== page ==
Counting Beans


Henry Farrell asks why so many Libertarians are opposed to fair trade coffee. Jim Henley piles on. Jacob Grier provides a partial defense:

If you’re shopping at Costco and debating between a big bag of Procter and Gamble’s regular coffee or their Fair Trade beans, you’re probably making some farmer marginally better off by choosing the latter. Fair Trade may play a useful role in mass market coffee. However if you want to pass the maximum of your purchase price onto coffee farmers, your best bet is to buy the highest quality coffee you can from roasters like Counter Culture, Intelligentsia, or Stumptown (to name the usual three, though there are many others).

In fact, it doesn’t even matter whether you care about coffee farmers or not. If you selfishly pay for quality in the cup you’re very likely buying beans that brought more revenue to them than Fair Trade would have. Adam Smith was right and so, sometimes, is the libertarian’s ironic intuition.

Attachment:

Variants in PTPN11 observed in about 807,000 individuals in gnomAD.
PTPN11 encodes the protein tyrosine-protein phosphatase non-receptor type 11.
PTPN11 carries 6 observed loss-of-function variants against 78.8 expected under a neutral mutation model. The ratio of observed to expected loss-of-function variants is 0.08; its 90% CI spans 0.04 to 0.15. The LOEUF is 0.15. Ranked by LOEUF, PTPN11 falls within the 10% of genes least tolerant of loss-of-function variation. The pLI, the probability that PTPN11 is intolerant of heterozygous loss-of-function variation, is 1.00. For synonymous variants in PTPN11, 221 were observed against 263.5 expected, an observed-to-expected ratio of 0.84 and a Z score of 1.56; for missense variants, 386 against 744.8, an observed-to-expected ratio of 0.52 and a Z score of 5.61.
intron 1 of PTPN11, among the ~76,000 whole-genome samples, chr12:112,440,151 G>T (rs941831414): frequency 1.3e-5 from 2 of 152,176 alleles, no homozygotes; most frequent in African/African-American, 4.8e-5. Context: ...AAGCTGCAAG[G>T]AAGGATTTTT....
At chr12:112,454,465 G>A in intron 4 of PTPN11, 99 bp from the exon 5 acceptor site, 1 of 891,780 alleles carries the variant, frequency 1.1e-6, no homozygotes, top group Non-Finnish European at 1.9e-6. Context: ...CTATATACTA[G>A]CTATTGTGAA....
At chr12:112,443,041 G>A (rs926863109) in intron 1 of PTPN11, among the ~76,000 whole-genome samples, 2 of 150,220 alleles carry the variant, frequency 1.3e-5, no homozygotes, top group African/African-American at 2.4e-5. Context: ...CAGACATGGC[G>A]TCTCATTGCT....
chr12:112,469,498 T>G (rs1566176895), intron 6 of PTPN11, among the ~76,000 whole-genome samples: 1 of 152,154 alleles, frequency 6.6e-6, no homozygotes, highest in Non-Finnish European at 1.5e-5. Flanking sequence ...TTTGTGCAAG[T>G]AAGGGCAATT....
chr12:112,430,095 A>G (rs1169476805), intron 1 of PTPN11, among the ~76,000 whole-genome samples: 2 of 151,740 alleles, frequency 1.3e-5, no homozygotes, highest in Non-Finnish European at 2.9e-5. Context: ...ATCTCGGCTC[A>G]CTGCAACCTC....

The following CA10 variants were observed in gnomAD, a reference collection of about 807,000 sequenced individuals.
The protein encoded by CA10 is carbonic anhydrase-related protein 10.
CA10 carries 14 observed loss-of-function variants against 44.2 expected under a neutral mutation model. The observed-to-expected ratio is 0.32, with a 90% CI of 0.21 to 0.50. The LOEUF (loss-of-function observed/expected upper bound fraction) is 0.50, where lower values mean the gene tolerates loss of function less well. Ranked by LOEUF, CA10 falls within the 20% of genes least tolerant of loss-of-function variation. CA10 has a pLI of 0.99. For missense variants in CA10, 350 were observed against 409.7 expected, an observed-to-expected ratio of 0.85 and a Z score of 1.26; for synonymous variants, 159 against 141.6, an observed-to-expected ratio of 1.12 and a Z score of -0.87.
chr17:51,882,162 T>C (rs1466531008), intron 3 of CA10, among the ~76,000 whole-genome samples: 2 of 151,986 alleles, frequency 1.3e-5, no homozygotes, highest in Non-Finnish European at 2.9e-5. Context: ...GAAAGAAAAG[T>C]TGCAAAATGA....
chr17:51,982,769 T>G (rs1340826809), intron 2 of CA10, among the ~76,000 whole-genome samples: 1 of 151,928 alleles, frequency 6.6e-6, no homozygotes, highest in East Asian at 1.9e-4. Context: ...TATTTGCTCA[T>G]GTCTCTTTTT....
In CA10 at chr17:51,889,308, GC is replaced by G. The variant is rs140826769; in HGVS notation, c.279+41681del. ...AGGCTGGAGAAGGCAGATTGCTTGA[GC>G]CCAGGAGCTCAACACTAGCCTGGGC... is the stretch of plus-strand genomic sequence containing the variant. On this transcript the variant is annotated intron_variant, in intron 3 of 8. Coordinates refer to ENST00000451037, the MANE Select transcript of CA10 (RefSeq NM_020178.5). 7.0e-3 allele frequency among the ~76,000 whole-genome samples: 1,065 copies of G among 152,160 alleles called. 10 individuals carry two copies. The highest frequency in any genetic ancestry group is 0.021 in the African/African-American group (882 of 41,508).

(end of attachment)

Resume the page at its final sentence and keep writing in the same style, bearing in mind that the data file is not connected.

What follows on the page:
(Image: An employee handles the coffee which is the result of civet dung during the production of Civet coffee, the world's most expensive coffee in Bondowoso on August 11, 2009 in East Java, near Surabaya, Indonesia. The coffee, also known as Kopi Luwak, is produced by the civet (a small squirrel-like arboreal mammal) which eats the coffee berries or red coffee cherries, the beans inside which pass through its digestive tract, expelling them undigested as feces. The feces are then cleaned, dried and lightly roasted to make the coffee. Coffee from Indonesian civets is considered to have the best aroma, and it is the unique enzymes in the civet's stomach which give coffee its bitter taste. It retails for USD 100 to USD 600 per pound but only around 1000 pounds make it to market each year and supply is very limited. By Ulet Ifansasti/Getty)